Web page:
• Read about it, preach about it, blog about it, talk about it and urgently pray about it. Don’t let it fade into the background as if it doesn’t exist. When we agitate and needle others it provokes greater action, public pressure and accountability around the root causes. You can join Facebook groups that keep you up to date with info. Here are some with contributions from ordinary people who are in and out of Calais all the time: Calais Migrant Solidarity Action and Calais Action And there’s one called ‘Jungle Life Calais’ that has testimonies from people living in the camp.
  • Bring it to the attention of elected politicians – talk or write to your MP or Assembly Member about it. Admitting it is a UK issue (as well as a French one) is the first step in seeing some action. More specifically call on the French and UK governments to follow basic UN conventions in meeting needs for those living in the camp. The camp currently fails on all internationally agreed standards.
  • Join the campaign calling for those in the camp, particularly children, who have family members in UK to be allowed to make asylum applications. More on that here.

 

 

 

 

 

 

A Calais protest

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By Nick Coke

On Sunday I preached a sermon from the Old Testament prophet Amos. Standing before my congregation, they graciously listened as I wondered aloud how this unlettered, unqualified, shepherd from nowhere could pull off delivering such an angry howl of protest at the religious and political establishment of his time and still manage to have it remembered for millennia as part of the canon of scripture. His message has virtually no hope – a handful of verses at the very end promise a better day but for the most it’s wave after wave of finger-pointing, judgement, warning and lament. The reason it stands the test of time is that sometimes there are moments when all you can do is protest. Whilst protest does not provide the answer it certainly raises the question. Protest marks the moment of refusal to be comfortable with things as they are. It is the beginning of change but never the end. Continue reading “A Calais protest”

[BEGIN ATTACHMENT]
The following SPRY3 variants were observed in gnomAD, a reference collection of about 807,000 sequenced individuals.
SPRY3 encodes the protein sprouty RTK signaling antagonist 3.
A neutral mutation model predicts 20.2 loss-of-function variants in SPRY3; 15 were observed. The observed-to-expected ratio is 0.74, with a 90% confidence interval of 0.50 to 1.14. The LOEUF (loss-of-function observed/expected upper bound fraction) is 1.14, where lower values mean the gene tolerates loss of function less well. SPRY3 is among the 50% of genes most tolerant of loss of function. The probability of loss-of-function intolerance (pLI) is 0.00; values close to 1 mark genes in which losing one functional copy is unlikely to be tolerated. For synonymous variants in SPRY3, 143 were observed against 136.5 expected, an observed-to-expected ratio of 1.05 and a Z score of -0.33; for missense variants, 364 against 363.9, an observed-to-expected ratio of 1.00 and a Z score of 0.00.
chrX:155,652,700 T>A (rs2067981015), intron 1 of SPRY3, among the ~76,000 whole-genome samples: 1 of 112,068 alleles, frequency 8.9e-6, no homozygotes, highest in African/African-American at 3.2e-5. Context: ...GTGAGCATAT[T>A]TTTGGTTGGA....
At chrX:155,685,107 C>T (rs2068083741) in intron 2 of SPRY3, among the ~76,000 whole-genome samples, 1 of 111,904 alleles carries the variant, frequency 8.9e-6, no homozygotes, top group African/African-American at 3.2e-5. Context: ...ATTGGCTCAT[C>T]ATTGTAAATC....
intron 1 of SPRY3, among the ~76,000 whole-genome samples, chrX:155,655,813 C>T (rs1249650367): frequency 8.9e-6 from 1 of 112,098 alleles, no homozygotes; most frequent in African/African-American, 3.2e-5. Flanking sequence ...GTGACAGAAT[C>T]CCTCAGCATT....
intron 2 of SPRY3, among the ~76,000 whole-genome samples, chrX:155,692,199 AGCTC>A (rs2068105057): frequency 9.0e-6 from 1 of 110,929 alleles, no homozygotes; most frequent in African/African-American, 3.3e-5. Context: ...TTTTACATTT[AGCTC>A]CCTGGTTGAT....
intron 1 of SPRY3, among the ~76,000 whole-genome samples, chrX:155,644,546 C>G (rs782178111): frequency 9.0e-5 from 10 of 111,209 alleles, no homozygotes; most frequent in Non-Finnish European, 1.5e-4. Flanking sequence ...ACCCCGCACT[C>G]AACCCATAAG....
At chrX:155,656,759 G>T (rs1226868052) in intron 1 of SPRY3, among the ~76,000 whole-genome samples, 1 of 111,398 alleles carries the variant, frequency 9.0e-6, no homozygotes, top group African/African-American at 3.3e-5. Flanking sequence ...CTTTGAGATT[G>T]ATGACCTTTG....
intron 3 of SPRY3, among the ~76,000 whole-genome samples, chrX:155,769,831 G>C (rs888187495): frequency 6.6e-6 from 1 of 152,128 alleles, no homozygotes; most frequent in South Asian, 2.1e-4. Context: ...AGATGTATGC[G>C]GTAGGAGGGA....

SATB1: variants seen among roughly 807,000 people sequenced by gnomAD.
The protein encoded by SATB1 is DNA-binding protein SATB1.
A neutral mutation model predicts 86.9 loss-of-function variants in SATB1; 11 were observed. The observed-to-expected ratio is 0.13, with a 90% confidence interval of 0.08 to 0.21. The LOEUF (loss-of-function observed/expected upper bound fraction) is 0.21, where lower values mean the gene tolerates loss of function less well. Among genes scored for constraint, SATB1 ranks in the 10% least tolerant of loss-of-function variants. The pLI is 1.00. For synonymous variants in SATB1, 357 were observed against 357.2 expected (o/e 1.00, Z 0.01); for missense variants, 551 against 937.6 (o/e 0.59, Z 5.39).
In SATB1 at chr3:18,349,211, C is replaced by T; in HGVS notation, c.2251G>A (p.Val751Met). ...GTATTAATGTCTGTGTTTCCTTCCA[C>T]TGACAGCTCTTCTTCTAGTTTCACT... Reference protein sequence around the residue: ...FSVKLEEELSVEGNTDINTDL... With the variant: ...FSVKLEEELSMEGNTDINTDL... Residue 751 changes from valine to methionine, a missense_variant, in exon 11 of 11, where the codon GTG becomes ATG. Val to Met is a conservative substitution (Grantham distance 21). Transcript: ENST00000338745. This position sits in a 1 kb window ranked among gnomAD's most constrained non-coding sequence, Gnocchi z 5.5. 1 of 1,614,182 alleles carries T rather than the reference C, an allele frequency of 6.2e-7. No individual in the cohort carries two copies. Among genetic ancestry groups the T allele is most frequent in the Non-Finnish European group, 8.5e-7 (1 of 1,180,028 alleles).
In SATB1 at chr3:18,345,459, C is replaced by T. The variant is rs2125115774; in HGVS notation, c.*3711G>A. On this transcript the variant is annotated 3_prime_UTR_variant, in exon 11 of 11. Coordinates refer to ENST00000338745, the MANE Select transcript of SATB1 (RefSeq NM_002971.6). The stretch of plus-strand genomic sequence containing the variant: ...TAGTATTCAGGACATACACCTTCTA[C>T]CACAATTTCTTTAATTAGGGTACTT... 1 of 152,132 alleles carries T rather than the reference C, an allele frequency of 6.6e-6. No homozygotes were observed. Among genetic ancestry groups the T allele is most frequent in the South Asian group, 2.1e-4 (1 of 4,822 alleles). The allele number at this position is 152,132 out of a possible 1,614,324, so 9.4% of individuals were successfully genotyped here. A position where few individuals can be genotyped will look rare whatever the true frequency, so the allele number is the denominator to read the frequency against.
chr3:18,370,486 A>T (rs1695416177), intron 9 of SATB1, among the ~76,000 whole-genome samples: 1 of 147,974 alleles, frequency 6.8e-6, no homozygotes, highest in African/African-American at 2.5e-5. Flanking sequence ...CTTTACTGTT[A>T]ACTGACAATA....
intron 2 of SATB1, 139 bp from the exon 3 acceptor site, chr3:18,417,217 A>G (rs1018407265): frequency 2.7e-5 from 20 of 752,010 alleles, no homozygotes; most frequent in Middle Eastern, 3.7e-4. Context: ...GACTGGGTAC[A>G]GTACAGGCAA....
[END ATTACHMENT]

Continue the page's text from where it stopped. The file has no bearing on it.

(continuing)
‘…no holiness, but social holiness’: my journey with the Living Wage Campaign

prophetBy Nick Coke

This week is Living Wage Week in the UK. It’s a time of celebration and action for a remarkable campaign, started by a group of church, faith and community leaders, trade unionists and cleaners in East London 15 years ago. The story is a wonderful testimony to the power of grassroots community organising – how conversations initiated in church halls and homes (civil society) have agitated and led government (state) and business leaders (market) into adopting the idea. I’ve written before about how I had the privilege in my previous appointment of being involved in the campaign for 8 years and observed first-hand how it transformed the life of families in my neighbourhood and congregation. Continue reading “‘…no holiness, but social holiness’: my journey with the Living Wage Campaign”

Praying towards justice – a vigil for refugees

By Nick Coke

Last night I attended a prayer vigil for refugees, with Salvation Army colleagues from across London. It was a remarkable gathering.

Look at this photo –  what do you see?

vigil

Here’s what I see…

go I see diverse people. Gathered in the courtyard of Westminster Cathedral 450 souls stand shoulder to shoulder. A snapshot of the diversity to be found in this great capital city. People of various faiths, ethnic and social backgrounds. Humanity in it all it’s jumbled, glorious, and wondrous mess. All belong, all needed. Continue reading “Praying towards justice – a vigil for refugees”

Songs for the Journey – Saul Alinsky and Sufjan Stevens

By Nick Coke

Inspiration for the journey comes from many quarters. Some of it is through more obvious means – scripture, prayers, sacred music, religious art – and then there’s the more oblique stuff, like a film scene, an unexpected piece of music on the car radio, the sun reflecting off a skyscraper that suddenly moves you, an overheard snippet of conversation on the street. It’s nuanced for all of us. For me it’s music – not really the kind you hear in a church meeting but something you find on an old vinyl record in a charity shop. A number of years ago I blogged a little on some of my favourite musical gems – songs for the journey. Here’s one I recorded earlier: